This is what a bubble looks like.
They’re generally not that hard to spot. I remember various prescient hand-wringing articles about the tech stock bubble and the housing price bubble. The problem is people don’t see the bubble all at the same time right up until the moment that it suddenly pops. At that moment we can genuinely claim to be surprised and not surprised at the same time.
Here’s another graph. This one is about college costs. You look at it and you say, “Man, that just can’t continue.” College costs are growing out of all proportion to income growth and cost-of-living increases.
It well and truly cannot continue growing at this pace, because like all exponential growth, it would eventually blot out the sun. Of course, going to college is a great thing. But sooner or later you just can’t pay for it. The rumblings of discontent are starting to show up in popular media. Here’s the anonymous Professor X writing for the Atlantic: An Anti-College Backlash?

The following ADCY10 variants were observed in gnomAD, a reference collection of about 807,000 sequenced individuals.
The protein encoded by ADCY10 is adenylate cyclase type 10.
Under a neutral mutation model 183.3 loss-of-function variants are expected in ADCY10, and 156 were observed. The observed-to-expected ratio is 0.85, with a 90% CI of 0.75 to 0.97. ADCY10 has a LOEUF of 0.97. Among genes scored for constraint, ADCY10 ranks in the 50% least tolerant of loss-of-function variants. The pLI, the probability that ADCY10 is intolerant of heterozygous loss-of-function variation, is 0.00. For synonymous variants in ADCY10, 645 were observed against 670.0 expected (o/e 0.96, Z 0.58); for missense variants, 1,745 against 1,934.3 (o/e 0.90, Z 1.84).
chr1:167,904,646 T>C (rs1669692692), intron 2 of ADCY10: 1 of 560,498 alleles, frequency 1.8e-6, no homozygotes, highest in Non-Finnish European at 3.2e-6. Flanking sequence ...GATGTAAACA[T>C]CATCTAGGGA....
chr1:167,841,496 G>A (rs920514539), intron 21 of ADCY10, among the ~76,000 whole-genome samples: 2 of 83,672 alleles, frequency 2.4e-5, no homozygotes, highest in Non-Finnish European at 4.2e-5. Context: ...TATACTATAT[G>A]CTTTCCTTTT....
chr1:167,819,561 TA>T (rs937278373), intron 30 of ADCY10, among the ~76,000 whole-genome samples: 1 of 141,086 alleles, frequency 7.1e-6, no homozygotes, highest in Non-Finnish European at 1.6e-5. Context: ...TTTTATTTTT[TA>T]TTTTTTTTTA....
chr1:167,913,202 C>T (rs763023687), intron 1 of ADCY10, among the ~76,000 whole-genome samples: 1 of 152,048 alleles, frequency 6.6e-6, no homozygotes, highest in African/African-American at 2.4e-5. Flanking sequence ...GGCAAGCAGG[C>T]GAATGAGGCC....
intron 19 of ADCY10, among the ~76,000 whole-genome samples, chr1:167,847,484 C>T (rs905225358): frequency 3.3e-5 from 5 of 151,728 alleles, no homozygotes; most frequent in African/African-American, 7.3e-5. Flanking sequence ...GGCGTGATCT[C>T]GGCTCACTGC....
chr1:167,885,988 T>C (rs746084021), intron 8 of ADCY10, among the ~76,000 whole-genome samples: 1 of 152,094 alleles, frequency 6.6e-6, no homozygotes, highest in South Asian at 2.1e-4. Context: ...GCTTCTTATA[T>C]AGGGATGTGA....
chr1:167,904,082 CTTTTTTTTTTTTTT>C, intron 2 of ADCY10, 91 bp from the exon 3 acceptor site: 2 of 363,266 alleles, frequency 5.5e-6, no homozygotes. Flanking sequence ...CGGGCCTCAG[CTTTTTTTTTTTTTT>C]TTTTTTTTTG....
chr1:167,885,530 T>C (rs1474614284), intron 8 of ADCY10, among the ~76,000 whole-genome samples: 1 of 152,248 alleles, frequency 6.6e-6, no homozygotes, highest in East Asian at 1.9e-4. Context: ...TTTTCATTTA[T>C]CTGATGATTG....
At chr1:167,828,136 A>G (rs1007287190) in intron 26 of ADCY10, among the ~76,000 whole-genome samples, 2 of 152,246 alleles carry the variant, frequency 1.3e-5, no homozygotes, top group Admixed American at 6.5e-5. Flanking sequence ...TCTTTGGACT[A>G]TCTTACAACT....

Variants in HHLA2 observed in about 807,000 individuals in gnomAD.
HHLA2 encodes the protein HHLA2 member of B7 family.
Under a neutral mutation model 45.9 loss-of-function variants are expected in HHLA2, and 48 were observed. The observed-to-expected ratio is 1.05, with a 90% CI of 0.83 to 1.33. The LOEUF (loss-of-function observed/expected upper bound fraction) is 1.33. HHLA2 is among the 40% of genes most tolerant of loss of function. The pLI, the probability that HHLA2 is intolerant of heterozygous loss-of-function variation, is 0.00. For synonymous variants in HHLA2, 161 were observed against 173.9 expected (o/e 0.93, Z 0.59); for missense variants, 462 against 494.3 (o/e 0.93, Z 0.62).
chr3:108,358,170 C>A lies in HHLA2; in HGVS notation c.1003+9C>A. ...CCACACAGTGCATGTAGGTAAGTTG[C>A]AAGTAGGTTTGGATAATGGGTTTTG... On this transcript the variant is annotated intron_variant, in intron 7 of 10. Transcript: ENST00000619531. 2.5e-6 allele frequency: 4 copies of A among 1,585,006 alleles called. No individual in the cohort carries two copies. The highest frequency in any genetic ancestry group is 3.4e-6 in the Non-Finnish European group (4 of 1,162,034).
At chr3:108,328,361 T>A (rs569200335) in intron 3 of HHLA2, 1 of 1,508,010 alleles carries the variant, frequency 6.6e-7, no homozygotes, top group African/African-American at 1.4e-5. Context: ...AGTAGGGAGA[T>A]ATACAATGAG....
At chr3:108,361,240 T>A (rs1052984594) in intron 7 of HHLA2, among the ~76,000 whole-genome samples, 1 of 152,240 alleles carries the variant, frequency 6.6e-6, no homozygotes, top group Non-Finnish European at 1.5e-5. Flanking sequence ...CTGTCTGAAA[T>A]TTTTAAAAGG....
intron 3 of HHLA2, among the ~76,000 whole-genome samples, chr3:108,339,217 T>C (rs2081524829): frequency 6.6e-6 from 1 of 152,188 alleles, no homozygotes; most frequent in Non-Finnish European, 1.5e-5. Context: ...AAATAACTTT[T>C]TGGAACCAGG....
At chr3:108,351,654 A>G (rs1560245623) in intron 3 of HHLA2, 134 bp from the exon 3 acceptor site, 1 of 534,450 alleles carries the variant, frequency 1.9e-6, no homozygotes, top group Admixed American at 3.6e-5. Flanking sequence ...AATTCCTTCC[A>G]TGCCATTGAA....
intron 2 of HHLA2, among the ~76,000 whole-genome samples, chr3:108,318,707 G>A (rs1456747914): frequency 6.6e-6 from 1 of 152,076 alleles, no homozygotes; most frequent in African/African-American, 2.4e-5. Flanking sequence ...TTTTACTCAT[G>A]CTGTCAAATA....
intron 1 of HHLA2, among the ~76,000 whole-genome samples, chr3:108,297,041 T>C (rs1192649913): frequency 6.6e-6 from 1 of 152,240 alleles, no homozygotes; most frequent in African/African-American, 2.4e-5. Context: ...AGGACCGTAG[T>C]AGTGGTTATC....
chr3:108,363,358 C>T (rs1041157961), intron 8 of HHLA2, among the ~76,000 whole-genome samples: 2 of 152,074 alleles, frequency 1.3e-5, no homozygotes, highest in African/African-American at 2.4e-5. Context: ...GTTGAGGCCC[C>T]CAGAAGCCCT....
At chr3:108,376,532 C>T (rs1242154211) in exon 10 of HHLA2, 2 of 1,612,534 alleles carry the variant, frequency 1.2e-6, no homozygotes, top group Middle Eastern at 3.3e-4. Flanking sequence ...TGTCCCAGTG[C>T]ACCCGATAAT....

Colleges are stuck in a textbook innovator’s dilemma in the sense that they are still making good money catering to a high-paying market. But because they won’t, or are structurally incapable of cutting prices, disruptive forces will eventually gut them from below. And those disruptive forces are almost certain to take the form of online education of one kind or another. That’s the theme of this piece from the Chronicle of Higher Education: Disrupting College. It in turn points to an analysis written by Mr. Innovator’s Dilemma himself, Clayton Christensen. And finally, here’s a short piece written about Scott McNealy’s investment in open source education. McNealy can always be counted on for a good sound bite: “Universities will be forced to decide what they are. You know, are they going to be football teams with libraries attached? That’s what a lot of them are now.”
It’s hard to say when, but change is on the way. All I know for certain is I would be nervous to be on a university’s payroll at this moment.